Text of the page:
No one, as far as I know, has ever seen Villa pass out, not since the late Forties, anyway, when he was active in the New York literary scene, partying and drinking with the likes of Gore Vidal, Randall Jarrel, the Sitwells, Anais Nin, Delmore Schwartz, and others. The Ravens are in possession of a group picture with Villa looking like a pensive but less brooding Kafka. That’s one thing about him: he thinks but he never broods.
He did brood once. That was when he had to leave the country for good, some say out of a desire to conquer the literary world where it should be conquered, first in Mexico then New York. He was eventually held as one of the distinguished new voices in American poetry. But in taking him home, albeit through stratagem, that fateful night, it dawned on me that he had left the country because he was so heartbroken that only the greatest distance could make him whole again.

The truth is that he had decided to give up not only poetry but life itself. From out of this deep and terrible desolation, cold and loveless in his tiny room on Greenwich street, in which he buried himself until his lonely death, denying himself the sun and the moon, consuming pints and pints of martinis, emerged whom he secretly called Miriniza, she who was all Rosemarie/Violet: fair, radiant as the moon and warm as the sun, she who made him return to poetry, threatening to leave him if he did not.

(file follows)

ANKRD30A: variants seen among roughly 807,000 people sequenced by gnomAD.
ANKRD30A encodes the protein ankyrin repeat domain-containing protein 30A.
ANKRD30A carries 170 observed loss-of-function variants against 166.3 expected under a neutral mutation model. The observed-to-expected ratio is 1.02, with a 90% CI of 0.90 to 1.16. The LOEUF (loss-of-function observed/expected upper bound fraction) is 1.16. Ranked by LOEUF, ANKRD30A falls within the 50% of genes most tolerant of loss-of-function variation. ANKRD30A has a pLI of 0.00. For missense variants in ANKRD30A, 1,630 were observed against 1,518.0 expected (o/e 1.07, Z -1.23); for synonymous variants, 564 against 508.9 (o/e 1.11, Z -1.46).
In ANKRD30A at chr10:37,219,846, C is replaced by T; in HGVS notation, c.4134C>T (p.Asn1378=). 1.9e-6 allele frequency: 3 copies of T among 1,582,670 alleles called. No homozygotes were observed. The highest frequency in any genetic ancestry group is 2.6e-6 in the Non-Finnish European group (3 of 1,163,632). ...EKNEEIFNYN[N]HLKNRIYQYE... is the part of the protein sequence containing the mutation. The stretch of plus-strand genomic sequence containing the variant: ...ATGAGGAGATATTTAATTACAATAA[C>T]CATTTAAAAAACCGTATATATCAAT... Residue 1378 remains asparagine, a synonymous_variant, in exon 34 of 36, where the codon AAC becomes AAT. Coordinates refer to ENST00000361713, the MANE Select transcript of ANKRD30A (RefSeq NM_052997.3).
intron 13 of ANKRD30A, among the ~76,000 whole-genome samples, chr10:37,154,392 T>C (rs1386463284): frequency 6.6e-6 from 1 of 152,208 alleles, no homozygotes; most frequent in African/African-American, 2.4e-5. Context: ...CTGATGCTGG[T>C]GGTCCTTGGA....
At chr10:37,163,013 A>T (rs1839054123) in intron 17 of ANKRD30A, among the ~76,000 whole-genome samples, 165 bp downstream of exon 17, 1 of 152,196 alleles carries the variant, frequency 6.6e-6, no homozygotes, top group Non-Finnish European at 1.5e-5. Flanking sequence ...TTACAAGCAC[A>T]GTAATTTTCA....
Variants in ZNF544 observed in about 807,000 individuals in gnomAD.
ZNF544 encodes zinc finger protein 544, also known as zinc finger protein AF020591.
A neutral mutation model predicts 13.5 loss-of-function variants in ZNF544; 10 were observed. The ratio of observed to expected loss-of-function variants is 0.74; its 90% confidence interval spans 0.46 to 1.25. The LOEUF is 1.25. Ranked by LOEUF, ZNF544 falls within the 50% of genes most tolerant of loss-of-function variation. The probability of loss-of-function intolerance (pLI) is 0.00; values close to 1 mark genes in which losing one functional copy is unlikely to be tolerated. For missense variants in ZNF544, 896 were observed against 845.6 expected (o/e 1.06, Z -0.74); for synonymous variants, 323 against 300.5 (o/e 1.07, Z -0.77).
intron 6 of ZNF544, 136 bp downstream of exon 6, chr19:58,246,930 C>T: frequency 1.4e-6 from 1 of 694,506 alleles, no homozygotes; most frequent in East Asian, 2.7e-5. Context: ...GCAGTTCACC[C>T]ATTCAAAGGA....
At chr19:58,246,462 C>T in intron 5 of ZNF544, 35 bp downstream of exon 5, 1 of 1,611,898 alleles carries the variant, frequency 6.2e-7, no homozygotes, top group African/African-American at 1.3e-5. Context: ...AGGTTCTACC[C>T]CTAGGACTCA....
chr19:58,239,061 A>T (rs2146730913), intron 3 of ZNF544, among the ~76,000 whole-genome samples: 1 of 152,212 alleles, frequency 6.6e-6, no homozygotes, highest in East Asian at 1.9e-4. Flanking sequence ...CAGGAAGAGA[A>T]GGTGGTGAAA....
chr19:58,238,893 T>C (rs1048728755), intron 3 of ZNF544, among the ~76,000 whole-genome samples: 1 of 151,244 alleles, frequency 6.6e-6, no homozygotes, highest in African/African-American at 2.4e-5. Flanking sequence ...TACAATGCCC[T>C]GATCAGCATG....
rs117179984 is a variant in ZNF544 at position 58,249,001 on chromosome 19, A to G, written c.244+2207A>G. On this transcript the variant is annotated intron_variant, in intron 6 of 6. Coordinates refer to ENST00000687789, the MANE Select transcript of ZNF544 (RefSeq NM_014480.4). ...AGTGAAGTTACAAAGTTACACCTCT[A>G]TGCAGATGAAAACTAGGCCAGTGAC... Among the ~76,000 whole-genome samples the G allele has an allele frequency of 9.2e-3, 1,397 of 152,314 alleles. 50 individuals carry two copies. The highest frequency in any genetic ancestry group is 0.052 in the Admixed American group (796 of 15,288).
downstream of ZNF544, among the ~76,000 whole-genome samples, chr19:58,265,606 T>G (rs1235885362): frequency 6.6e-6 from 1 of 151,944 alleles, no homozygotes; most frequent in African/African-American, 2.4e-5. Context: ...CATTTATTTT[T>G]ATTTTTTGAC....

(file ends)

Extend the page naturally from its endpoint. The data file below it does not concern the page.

I learned all this from Mir-iniza as we talked all night while Villa slept. Their relationship had become stressful. That night was the second time she had gone to the White Horse, as she didn’t like going out of their tiny room. But Villa had insisted because of the incident with Dylan Thomas.

Thomas was on his New York tour. Breaking his rule, Villa insisted that the Welsh poet spend the weekend with him. It had been impossible for Thomas, a sensitive fellow, not to have sensed Miriniza’s presence. At first Villa didn’t mind, he even asked Miriniza to drink with Thomas and him at the White Horse. She was the most beautiful creature in all New York that night.